PARTYGATE report chief Sue Gray’s dossier faces being delayed by senior civil servants fearful of being publicly shamed.
Mandarins are said to be “lawyering up” to prevent being identified as attending events in Downing Street and Whitehall.
Last-minute attempts to avoid being linked to the lockdown breach bashes are expected to be delivered to Ms Gray in the next 24 hours.
Any legal action could delay the process by weeks at a time when No10 wants to move on from the damaging episode.
Without major setbacks, the report would be released on Tuesday at the earliest, one source said.
Discussions were going on last night over whether pictures of the events would be published and faces pixelated.
One source said: “The pictures could likely show a group of people partying with their faces blurred out, just to tell the story of what was happening at the time.”
Up to 15 people, including the Prime Minister, are expected to be named while the actions of others may be described but they will not be directly named.
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Sources claimed there was canoodling on three occasions at the booze-fuelled parties but details are unlikely to make it into the final report.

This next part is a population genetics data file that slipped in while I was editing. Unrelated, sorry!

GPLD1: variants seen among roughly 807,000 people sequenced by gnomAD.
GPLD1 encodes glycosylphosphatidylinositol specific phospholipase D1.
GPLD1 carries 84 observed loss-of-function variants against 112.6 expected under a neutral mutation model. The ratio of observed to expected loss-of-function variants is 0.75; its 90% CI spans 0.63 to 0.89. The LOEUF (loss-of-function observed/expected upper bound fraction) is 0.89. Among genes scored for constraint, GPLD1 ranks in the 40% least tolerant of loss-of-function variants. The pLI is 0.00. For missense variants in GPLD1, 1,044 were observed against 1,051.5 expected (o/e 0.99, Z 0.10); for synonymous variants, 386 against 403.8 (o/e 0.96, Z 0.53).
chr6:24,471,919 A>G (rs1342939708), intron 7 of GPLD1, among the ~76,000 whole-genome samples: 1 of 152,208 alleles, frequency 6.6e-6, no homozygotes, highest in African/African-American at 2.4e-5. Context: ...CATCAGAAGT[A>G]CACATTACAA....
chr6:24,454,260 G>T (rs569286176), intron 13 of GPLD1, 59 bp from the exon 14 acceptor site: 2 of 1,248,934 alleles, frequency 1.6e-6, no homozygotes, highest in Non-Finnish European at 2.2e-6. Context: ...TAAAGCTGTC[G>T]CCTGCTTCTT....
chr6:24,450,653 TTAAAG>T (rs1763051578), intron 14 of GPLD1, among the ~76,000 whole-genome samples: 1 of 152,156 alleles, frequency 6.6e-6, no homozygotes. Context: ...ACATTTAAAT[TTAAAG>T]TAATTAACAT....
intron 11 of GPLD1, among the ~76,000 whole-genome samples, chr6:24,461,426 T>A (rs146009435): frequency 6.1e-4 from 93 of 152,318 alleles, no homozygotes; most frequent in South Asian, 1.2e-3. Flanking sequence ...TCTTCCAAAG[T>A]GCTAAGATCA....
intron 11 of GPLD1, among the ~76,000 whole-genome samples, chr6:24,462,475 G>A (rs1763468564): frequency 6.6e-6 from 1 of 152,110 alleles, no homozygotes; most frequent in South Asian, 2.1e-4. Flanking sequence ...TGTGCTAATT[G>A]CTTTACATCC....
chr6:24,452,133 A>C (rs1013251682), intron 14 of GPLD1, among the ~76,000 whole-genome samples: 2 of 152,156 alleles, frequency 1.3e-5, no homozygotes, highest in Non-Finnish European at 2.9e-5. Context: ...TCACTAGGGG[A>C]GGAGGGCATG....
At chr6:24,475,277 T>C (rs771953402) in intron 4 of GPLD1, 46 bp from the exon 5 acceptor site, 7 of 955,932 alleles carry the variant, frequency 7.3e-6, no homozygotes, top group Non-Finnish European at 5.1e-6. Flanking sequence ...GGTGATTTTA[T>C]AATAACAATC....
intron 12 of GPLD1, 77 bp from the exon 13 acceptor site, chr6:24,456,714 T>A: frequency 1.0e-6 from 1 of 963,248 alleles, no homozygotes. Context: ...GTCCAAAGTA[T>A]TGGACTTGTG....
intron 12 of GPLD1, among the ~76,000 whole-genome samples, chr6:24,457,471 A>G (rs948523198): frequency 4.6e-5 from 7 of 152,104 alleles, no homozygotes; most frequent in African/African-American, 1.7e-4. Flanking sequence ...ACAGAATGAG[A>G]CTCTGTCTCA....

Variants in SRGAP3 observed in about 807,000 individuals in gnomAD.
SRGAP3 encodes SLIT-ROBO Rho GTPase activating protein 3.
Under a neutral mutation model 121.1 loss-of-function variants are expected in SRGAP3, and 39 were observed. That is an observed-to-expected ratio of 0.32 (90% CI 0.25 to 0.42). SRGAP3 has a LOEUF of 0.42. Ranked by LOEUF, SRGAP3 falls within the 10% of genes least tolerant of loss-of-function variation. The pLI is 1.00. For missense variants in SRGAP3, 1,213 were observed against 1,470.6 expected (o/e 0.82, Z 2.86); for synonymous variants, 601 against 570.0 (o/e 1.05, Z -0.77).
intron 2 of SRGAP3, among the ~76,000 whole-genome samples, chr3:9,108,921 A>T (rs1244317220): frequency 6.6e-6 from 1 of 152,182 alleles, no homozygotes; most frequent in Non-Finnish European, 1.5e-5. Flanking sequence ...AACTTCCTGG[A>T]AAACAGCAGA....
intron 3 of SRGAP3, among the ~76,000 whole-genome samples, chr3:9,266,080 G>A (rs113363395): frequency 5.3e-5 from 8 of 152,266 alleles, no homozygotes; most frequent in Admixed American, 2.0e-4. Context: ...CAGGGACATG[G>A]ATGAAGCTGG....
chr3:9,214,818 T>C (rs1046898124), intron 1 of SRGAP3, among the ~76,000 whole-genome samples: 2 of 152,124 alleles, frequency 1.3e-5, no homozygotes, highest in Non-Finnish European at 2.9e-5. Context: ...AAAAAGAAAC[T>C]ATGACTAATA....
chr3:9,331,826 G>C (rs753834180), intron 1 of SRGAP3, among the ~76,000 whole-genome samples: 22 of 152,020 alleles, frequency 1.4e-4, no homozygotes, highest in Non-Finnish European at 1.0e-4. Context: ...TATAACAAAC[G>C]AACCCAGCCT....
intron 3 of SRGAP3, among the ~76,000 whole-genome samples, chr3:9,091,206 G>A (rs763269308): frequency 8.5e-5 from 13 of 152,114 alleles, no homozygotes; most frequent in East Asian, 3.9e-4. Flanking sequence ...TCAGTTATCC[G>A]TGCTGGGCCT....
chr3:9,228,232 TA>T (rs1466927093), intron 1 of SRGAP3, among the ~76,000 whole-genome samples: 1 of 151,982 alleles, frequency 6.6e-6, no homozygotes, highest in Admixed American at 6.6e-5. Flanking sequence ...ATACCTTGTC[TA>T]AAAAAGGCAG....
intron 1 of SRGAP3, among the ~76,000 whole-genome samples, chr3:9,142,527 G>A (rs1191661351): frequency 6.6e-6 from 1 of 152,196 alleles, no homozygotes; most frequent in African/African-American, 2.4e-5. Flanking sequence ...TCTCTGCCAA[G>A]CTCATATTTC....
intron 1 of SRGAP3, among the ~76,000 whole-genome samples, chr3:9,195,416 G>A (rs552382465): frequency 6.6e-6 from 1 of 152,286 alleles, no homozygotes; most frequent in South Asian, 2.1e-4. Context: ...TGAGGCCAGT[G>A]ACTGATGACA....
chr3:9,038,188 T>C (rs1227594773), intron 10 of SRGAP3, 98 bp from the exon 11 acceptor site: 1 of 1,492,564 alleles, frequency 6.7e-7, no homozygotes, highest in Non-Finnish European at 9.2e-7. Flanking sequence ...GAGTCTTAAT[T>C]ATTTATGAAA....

One source said: “It’s not going to be, ‘Barry drank ten pints and was sick on the cat’. I doubt very much whether you will find out who drank the most.”
But WhatsApp messages and emails will be produced that show officials were told in advance they were breaking the law.
Boris Johnson, along with his Cabinet Secretary Simon Case, are expected to be censured.
Meanwhile, a briefing war broke out last night over who initiated a meeting between Mr Johnson and those close to Ms Gray to discuss the dossier.
It was said she initiated the meeting “to clarify her intentions” once the Met Police investigation concluded.
But allies of Ms Gray insist it was at the request of a Downing Street official.
The Met inquiry had led to 126 fines to 83 people, for events across eight dates.
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Meanwhile, Mr Johnson is reportedly planning to make Mr Case his scapegoat.
The country’s most senior civil servant is likely to be blamed for allowing a drinking culture to develop.
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